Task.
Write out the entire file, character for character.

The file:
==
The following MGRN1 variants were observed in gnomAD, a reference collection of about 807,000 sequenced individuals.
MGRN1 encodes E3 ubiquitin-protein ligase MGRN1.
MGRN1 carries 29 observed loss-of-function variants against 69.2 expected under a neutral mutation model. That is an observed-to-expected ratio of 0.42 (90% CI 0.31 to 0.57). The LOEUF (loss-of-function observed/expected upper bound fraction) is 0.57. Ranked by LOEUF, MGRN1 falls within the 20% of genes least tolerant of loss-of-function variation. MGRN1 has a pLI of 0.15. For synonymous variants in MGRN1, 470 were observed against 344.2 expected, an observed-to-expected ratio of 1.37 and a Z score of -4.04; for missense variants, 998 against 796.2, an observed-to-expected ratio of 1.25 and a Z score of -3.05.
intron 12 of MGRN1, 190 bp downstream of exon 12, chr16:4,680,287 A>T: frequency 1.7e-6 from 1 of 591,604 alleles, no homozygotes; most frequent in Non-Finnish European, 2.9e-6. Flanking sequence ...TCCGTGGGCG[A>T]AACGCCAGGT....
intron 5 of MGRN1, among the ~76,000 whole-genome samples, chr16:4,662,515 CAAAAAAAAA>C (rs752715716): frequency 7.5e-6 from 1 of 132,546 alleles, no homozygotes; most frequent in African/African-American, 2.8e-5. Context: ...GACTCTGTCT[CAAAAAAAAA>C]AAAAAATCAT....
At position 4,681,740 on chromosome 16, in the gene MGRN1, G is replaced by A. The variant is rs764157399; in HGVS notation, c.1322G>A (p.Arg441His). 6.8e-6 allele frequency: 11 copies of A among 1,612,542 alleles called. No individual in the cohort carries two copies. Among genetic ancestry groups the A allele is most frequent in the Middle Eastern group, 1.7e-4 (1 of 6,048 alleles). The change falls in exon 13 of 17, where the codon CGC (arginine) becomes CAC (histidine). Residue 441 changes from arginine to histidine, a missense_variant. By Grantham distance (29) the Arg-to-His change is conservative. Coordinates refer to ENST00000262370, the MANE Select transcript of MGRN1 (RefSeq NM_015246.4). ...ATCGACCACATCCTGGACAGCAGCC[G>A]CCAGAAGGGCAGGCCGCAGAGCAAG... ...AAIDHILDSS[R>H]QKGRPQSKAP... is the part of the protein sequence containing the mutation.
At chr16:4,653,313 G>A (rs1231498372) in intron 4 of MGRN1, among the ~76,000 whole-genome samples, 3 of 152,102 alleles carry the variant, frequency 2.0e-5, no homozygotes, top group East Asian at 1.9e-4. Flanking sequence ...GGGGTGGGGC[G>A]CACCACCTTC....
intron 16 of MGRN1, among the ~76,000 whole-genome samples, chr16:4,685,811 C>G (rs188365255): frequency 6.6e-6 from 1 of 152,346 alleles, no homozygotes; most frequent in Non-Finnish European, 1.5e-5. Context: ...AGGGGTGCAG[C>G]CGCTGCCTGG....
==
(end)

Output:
The following MGRN1 variants were observed in gnomAD, a reference collection of about 807,000 sequenced individuals.
MGRN1 encodes E3 ubiquitin-protein ligase MGRN1.
MGRN1 carries 29 observed loss-of-function variants against 69.2 expected under a neutral mutation model. That is an observed-to-expected ratio of 0.42 (90% CI 0.31 to 0.57). The LOEUF (loss-of-function observed/expected upper bound fraction) is 0.57. Ranked by LOEUF, MGRN1 falls within the 20% of genes least tolerant of loss-of-function variation. MGRN1 has a pLI of 0.15. For synonymous variants in MGRN1, 470 were observed against 344.2 expected, an observed-to-expected ratio of 1.37 and a Z score of -4.04; for missense variants, 998 against 796.2, an observed-to-expected ratio of 1.25 and a Z score of -3.05.
intron 12 of MGRN1, 190 bp downstream of exon 12, chr16:4,680,287 A>T: frequency 1.7e-6 from 1 of 591,604 alleles, no homozygotes; most frequent in Non-Finnish European, 2.9e-6. Flanking sequence ...TCCGTGGGCG[A>T]AACGCCAGGT....
intron 5 of MGRN1, among the ~76,000 whole-genome samples, chr16:4,662,515 CAAAAAAAAA>C (rs752715716): frequency 7.5e-6 from 1 of 132,546 alleles, no homozygotes; most frequent in African/African-American, 2.8e-5. Context: ...GACTCTGTCT[CAAAAAAAAA>C]AAAAAATCAT....
At position 4,681,740 on chromosome 16, in the gene MGRN1, G is replaced by A. The variant is rs764157399; in HGVS notation, c.1322G>A (p.Arg441His). 6.8e-6 allele frequency: 11 copies of A among 1,612,542 alleles called. No individual in the cohort carries two copies. Among genetic ancestry groups the A allele is most frequent in the Middle Eastern group, 1.7e-4 (1 of 6,048 alleles). The change falls in exon 13 of 17, where the codon CGC (arginine) becomes CAC (histidine). Residue 441 changes from arginine to histidine, a missense_variant. By Grantham distance (29) the Arg-to-His change is conservative. Coordinates refer to ENST00000262370, the MANE Select transcript of MGRN1 (RefSeq NM_015246.4). ...ATCGACCACATCCTGGACAGCAGCC[G>A]CCAGAAGGGCAGGCCGCAGAGCAAG... ...AAIDHILDSS[R>H]QKGRPQSKAP... is the part of the protein sequence containing the mutation.
At chr16:4,653,313 G>A (rs1231498372) in intron 4 of MGRN1, among the ~76,000 whole-genome samples, 3 of 152,102 alleles carry the variant, frequency 2.0e-5, no homozygotes, top group East Asian at 1.9e-4. Flanking sequence ...GGGGTGGGGC[G>A]CACCACCTTC....
intron 16 of MGRN1, among the ~76,000 whole-genome samples, chr16:4,685,811 C>G (rs188365255): frequency 6.6e-6 from 1 of 152,346 alleles, no homozygotes; most frequent in Non-Finnish European, 1.5e-5. Context: ...AGGGGTGCAG[C>G]CGCTGCCTGG....